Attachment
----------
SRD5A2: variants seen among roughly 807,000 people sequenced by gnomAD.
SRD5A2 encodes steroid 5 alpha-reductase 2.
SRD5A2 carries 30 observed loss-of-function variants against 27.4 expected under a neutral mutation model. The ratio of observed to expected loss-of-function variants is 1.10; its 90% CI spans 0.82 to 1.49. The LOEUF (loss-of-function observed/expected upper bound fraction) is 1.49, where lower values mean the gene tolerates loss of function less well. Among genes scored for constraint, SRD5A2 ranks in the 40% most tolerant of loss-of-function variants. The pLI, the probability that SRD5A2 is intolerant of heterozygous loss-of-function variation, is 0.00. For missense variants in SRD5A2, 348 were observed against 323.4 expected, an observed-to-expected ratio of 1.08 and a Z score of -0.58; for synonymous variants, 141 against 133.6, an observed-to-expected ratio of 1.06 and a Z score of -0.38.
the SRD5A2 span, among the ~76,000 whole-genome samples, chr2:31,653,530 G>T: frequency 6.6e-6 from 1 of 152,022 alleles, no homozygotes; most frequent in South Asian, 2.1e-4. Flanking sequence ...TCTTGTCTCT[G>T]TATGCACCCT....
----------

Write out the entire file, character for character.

SRD5A2: variants seen among roughly 807,000 people sequenced by gnomAD.
SRD5A2 encodes steroid 5 alpha-reductase 2.
SRD5A2 carries 30 observed loss-of-function variants against 27.4 expected under a neutral mutation model. The ratio of observed to expected loss-of-function variants is 1.10; its 90% CI spans 0.82 to 1.49. The LOEUF (loss-of-function observed/expected upper bound fraction) is 1.49, where lower values mean the gene tolerates loss of function less well. Among genes scored for constraint, SRD5A2 ranks in the 40% most tolerant of loss-of-function variants. The pLI, the probability that SRD5A2 is intolerant of heterozygous loss-of-function variation, is 0.00. For missense variants in SRD5A2, 348 were observed against 323.4 expected, an observed-to-expected ratio of 1.08 and a Z score of -0.58; for synonymous variants, 141 against 133.6, an observed-to-expected ratio of 1.06 and a Z score of -0.38.
the SRD5A2 span, among the ~76,000 whole-genome samples, chr2:31,653,530 G>T: frequency 6.6e-6 from 1 of 152,022 alleles, no homozygotes; most frequent in South Asian, 2.1e-4. Flanking sequence ...TCTTGTCTCT[G>T]TATGCACCCT....